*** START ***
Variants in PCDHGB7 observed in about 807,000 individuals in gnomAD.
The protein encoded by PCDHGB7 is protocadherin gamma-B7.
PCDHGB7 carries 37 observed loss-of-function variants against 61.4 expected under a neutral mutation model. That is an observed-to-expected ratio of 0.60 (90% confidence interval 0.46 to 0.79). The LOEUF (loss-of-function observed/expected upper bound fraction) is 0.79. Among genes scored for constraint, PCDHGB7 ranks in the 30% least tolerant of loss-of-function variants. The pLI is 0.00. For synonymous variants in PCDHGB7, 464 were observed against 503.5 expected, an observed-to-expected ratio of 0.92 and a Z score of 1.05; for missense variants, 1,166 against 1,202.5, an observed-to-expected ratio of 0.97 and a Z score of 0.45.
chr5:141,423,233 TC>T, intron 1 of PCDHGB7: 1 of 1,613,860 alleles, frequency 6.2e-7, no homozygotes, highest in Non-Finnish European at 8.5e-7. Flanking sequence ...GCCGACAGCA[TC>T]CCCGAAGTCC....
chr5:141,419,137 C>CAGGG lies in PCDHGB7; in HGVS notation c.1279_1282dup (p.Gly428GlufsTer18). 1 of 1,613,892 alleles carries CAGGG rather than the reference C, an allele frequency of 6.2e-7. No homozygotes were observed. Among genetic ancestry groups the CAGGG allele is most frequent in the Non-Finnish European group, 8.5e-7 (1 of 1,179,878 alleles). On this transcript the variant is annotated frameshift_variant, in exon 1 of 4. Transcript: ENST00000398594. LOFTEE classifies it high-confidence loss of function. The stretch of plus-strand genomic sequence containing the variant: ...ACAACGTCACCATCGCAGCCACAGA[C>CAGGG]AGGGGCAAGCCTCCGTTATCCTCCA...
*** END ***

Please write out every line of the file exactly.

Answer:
Variants in PCDHGB7 observed in about 807,000 individuals in gnomAD.
The protein encoded by PCDHGB7 is protocadherin gamma-B7.
PCDHGB7 carries 37 observed loss-of-function variants against 61.4 expected under a neutral mutation model. That is an observed-to-expected ratio of 0.60 (90% confidence interval 0.46 to 0.79). The LOEUF (loss-of-function observed/expected upper bound fraction) is 0.79. Among genes scored for constraint, PCDHGB7 ranks in the 30% least tolerant of loss-of-function variants. The pLI is 0.00. For synonymous variants in PCDHGB7, 464 were observed against 503.5 expected, an observed-to-expected ratio of 0.92 and a Z score of 1.05; for missense variants, 1,166 against 1,202.5, an observed-to-expected ratio of 0.97 and a Z score of 0.45.
chr5:141,423,233 TC>T, intron 1 of PCDHGB7: 1 of 1,613,860 alleles, frequency 6.2e-7, no homozygotes, highest in Non-Finnish European at 8.5e-7. Flanking sequence ...GCCGACAGCA[TC>T]CCCGAAGTCC....
chr5:141,419,137 C>CAGGG lies in PCDHGB7; in HGVS notation c.1279_1282dup (p.Gly428GlufsTer18). 1 of 1,613,892 alleles carries CAGGG rather than the reference C, an allele frequency of 6.2e-7. No homozygotes were observed. Among genetic ancestry groups the CAGGG allele is most frequent in the Non-Finnish European group, 8.5e-7 (1 of 1,179,878 alleles). On this transcript the variant is annotated frameshift_variant, in exon 1 of 4. Transcript: ENST00000398594. LOFTEE classifies it high-confidence loss of function. The stretch of plus-strand genomic sequence containing the variant: ...ACAACGTCACCATCGCAGCCACAGA[C>CAGGG]AGGGGCAAGCCTCCGTTATCCTCCA...